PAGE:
Peacekeeping, Peacemaking, and Patronage Politics in Non-State Conflicts
Non-state conflict between communal groups, armed militias, or armed opposition groups is pervasive in locations where contemporary peacekeeping operations are deployed. Peacekeepers are typically deployed to support the resolution of major national-level conflicts, but once they deploy, they are often confronted with a variety of locally-driven conflicts between non-state armed groups in addition to these overarching international or national-level conflicts they were mandated to address. Accordingly, understanding how peacekeepers contribute to the termination and resolution of non-state conflicts is of crucial importance.
However, relatively little attention has been given to the role of peacekeeping staff in conflict management efforts in non-state conflicts. Most research to date focuses on how peacekeeping influences fighting between government forces and rebel groups in the context of civil wars.
In order to fill this gap in research, the central question that guides this book is as follows: how effective are peacekeeping missions in contributing to the termination and resolution of non-state conflicts? This book looks at both military and diplomatic functions of UN peacekeeping staff to assess how peacekeeping operations contribute to the termination and resolution of non-state conflicts.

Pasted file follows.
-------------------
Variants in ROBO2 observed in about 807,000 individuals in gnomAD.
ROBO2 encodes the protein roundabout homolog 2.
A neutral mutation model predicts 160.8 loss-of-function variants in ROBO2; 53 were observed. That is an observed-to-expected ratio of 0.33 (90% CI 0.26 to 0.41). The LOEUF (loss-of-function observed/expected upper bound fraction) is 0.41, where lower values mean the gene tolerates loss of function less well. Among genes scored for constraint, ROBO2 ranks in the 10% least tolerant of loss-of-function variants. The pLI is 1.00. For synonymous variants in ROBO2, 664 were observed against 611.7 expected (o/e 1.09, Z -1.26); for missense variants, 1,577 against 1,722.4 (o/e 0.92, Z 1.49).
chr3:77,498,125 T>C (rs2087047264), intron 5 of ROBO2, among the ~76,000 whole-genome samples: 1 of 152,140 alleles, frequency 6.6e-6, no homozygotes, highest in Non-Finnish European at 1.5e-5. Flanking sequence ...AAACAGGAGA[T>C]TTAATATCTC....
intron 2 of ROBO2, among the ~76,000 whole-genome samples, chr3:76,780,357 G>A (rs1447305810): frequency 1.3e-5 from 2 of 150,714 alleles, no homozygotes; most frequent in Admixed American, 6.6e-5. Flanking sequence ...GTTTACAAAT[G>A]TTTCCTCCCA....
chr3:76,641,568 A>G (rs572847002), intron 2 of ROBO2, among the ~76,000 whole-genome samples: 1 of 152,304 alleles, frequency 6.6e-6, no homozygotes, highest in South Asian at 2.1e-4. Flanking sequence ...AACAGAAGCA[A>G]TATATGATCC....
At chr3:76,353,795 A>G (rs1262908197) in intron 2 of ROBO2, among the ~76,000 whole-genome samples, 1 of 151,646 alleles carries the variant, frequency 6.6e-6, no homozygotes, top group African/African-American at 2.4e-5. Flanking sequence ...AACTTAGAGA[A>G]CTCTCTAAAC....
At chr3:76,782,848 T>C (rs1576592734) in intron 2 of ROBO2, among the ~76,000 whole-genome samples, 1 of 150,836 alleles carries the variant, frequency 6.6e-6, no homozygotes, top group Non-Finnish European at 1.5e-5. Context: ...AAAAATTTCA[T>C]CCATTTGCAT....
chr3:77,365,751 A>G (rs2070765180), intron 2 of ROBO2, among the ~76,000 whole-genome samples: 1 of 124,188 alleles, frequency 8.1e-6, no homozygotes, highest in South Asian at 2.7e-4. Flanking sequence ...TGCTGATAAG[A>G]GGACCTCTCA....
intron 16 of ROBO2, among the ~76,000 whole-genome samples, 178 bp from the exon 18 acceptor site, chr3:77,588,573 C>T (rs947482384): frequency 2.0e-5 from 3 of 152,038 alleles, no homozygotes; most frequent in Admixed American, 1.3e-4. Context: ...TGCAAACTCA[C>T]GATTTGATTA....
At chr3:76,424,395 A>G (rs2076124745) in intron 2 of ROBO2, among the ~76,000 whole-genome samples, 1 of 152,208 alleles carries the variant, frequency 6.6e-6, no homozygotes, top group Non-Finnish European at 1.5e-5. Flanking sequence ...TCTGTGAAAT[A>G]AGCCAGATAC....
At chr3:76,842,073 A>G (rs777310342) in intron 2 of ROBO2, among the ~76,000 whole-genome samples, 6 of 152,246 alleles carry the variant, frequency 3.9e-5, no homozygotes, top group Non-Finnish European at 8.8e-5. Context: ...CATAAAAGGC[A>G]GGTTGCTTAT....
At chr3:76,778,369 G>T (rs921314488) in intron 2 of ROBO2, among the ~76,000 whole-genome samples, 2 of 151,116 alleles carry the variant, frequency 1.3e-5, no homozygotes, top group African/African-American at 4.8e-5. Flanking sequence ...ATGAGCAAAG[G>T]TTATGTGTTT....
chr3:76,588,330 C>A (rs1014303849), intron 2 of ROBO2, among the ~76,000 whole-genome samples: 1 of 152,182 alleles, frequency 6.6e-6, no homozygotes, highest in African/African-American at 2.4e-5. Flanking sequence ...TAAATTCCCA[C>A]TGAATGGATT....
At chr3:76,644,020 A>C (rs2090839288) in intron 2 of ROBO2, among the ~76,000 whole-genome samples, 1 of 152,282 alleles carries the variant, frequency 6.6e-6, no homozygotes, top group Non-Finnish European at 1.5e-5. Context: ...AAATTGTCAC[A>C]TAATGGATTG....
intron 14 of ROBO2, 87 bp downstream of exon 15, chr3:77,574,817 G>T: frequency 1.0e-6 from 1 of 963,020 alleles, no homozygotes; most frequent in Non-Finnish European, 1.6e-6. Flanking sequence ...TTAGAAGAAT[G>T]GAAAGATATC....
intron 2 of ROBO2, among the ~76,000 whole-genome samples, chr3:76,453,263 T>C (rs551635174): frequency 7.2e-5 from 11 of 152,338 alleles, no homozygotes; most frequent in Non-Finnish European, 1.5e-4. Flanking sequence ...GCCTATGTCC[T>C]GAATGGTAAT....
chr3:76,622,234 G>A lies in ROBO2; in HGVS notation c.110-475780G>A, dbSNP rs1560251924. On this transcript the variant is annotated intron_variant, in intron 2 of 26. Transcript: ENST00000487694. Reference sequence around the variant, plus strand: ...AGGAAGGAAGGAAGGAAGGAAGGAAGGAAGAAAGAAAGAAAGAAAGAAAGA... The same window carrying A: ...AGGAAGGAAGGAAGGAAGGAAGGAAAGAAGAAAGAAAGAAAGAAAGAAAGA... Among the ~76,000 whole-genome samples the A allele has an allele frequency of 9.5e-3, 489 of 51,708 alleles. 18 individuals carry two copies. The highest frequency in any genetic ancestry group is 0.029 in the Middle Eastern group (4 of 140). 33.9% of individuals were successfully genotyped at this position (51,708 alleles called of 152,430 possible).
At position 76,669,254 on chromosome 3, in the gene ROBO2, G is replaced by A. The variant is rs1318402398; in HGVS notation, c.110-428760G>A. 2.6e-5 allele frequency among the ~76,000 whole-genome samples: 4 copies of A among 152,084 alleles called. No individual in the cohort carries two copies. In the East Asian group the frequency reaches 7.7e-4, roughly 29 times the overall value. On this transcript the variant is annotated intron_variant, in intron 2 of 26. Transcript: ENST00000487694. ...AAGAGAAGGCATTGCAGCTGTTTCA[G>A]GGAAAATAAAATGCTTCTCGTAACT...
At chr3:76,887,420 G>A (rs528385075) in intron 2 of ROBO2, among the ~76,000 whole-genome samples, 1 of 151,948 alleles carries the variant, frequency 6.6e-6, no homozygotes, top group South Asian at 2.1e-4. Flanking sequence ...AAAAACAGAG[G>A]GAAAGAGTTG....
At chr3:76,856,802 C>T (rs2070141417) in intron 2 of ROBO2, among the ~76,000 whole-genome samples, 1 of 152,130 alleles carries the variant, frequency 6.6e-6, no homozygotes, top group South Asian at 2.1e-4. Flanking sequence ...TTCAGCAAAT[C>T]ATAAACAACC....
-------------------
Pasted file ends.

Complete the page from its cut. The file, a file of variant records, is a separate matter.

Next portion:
Another major contribution of this book is that it takes the national context in which non-state conflicts take place into account. UN peacekeeping operations are typically deployed in countries in which patronage-based systems are dominant. UN peace operations become enmeshed in these patronage-based systems when they deploy. This book looks at how the effectiveness of peacekeeping efforts is conditional on the existence of patron-client relations between national-level elites and non-state conflict parties.
I use a mixed methods strategy to examine the effectiveness of peacekeeping efforts in the context of patronage networks. A quantitative analysis, based on a unique dataset on peacekeeping efforts, peace processes, and patron-client connections assesses the impact of peacekeeping support on the prospects for non-state conflict resolution. A series of case studies examine the causal mechanisms driving the quantitative findings.